Germany court rules for Facebook in privacy dispute News
Germany court rules for Facebook in privacy dispute
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[JURIST] A German court on Thursday ruled [press release, in German] for Facebook [corporate website] in a challenge over the social networking website’s policy requiring users to register with their real names. The Independent Center for Privacy Protection [advocacy website], known in Germany as the ULD, brought the suit against the Palo Alto, California-based company alleging violation [press release] of German data protection laws in place to protect the fundamental right to freedom of expression on the Internet. The Administrative Court of the State of Schleswig-Holstein [official website] held that the ULD wrongly based [PCWorld report] its challenge on German law, stating that Facebook’s handling of marketing and acquisition in Germany prevented the court from ruling on its data and personal information processing, an activity that is handled at the company’s offices in Dublin, Ireland. According to the state regulator, the ULD is expected to appeal [Bloomberg report] the decision.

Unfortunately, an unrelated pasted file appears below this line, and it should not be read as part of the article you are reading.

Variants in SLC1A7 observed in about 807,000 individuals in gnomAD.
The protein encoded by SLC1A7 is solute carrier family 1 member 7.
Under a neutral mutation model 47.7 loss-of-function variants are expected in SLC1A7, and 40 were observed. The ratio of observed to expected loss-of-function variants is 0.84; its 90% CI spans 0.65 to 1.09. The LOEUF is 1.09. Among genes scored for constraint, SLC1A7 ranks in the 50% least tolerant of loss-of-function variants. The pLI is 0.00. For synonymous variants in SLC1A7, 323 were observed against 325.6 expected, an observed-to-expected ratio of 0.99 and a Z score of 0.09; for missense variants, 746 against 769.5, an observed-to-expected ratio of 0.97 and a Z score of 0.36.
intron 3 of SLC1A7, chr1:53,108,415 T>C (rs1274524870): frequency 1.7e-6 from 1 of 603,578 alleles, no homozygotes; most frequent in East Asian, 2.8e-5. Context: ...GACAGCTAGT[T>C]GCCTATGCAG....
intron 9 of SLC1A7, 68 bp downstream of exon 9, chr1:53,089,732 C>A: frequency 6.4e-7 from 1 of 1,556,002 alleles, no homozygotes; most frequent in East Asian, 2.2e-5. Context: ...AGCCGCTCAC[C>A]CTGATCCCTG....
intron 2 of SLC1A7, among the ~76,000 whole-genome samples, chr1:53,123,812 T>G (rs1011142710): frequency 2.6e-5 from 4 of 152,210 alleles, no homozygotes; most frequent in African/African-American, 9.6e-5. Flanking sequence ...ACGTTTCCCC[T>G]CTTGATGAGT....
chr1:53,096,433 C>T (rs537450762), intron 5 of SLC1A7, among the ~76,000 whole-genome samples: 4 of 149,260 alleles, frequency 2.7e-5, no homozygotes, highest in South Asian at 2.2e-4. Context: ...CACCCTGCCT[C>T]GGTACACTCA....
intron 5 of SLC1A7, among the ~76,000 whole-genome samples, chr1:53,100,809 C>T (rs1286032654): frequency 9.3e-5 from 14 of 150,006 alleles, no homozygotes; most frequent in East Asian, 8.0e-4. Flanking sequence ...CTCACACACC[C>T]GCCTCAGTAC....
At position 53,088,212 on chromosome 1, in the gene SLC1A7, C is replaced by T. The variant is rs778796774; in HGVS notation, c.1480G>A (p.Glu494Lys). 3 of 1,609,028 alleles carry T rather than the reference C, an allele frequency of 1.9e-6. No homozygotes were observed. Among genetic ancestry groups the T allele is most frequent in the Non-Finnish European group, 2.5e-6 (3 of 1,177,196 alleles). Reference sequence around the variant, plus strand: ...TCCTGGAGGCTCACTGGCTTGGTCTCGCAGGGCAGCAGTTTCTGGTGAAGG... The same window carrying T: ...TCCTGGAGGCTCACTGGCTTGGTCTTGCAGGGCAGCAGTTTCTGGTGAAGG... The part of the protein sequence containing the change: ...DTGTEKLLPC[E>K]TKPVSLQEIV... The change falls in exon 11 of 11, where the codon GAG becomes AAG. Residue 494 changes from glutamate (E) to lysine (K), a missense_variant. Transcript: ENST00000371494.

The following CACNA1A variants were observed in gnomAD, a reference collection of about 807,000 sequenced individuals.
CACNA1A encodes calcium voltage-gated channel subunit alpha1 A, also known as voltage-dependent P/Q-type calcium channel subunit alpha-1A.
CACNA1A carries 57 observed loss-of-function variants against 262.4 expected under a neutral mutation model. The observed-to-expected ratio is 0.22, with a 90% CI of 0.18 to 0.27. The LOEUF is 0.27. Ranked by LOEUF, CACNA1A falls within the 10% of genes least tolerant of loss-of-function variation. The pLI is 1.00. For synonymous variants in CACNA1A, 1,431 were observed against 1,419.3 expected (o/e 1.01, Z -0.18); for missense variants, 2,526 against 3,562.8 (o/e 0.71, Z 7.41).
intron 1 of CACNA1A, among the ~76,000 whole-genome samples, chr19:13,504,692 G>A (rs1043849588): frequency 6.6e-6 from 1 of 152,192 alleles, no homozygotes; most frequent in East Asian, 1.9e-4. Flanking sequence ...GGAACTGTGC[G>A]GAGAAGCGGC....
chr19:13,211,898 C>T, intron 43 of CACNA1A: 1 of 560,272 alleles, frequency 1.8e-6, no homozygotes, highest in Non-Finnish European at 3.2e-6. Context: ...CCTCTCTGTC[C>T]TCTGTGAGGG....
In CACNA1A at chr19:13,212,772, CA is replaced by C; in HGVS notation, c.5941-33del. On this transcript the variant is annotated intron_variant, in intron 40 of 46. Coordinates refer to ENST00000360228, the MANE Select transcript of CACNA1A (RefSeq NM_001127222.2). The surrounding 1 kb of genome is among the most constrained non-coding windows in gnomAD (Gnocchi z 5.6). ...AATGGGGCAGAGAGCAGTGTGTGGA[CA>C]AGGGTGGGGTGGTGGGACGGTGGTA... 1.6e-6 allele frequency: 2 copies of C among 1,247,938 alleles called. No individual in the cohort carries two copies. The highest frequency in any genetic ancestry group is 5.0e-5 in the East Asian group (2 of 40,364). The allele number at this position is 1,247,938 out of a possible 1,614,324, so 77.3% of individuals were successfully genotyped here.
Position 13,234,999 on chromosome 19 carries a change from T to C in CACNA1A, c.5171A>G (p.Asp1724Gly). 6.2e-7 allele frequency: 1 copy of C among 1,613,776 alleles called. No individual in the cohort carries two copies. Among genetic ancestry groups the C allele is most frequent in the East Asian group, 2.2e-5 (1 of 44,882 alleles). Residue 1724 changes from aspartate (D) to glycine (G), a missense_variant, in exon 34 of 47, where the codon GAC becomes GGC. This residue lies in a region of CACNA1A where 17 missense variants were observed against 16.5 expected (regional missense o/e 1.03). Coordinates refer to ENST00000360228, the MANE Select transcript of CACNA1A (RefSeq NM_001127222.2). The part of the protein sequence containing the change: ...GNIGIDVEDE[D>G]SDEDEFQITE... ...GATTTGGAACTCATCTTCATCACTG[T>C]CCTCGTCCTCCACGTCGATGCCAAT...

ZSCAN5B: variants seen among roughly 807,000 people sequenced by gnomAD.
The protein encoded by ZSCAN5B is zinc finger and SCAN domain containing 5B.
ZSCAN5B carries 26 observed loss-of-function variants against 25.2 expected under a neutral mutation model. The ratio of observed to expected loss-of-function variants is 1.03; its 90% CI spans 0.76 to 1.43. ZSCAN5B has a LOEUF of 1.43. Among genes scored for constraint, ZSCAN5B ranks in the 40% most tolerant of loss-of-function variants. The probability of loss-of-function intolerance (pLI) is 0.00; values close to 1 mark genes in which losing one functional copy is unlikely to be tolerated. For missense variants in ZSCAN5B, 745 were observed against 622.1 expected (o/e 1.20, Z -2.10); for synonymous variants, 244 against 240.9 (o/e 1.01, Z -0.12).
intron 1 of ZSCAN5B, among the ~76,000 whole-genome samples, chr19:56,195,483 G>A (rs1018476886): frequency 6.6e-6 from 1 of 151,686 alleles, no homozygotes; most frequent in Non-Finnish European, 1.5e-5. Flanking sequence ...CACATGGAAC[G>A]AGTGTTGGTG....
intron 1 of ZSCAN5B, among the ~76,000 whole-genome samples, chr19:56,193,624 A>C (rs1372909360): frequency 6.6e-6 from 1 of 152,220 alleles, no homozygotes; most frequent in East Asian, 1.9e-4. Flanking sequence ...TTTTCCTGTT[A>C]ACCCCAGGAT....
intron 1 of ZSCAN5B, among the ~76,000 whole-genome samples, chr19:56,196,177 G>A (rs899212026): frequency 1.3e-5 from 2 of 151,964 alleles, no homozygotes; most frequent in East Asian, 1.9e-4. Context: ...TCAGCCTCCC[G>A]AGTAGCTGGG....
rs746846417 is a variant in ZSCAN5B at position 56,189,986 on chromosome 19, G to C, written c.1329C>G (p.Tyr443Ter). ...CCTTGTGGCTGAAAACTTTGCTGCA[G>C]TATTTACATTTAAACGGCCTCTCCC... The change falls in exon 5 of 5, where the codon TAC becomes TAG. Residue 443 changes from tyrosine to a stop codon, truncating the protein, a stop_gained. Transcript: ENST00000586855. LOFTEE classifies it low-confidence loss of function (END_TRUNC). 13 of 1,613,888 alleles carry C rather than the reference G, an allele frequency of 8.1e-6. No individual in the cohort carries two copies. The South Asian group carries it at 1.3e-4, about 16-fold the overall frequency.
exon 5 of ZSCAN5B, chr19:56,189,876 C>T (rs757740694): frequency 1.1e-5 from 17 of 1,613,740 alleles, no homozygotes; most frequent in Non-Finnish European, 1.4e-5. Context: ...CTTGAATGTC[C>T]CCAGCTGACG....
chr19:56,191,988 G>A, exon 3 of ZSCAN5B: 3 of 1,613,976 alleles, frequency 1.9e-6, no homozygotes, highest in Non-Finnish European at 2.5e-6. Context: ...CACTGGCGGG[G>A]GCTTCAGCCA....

Facebook has faced numerous legal challenges in its near decade-long history. Aside from the company’s major settlements with Eduardo Saverin and the Winklevoss twins, privacy advocacy groups Electronic Privacy Information Center and the Center for Digital Democracy [advocacy websites] urged [JURIST report] CEO Mark Zuckerberg in November to withdraw privacy changes, claiming that the alterations may violate a settlement [JURIST report] with the Federal Trade Commission [official website]. In August German data privacy authorities reopened [JURIST report] an investigation into Facebook’s facial recognition software, taking issue with the website’s ability to automatically recognize individuals’ facial features in pictures.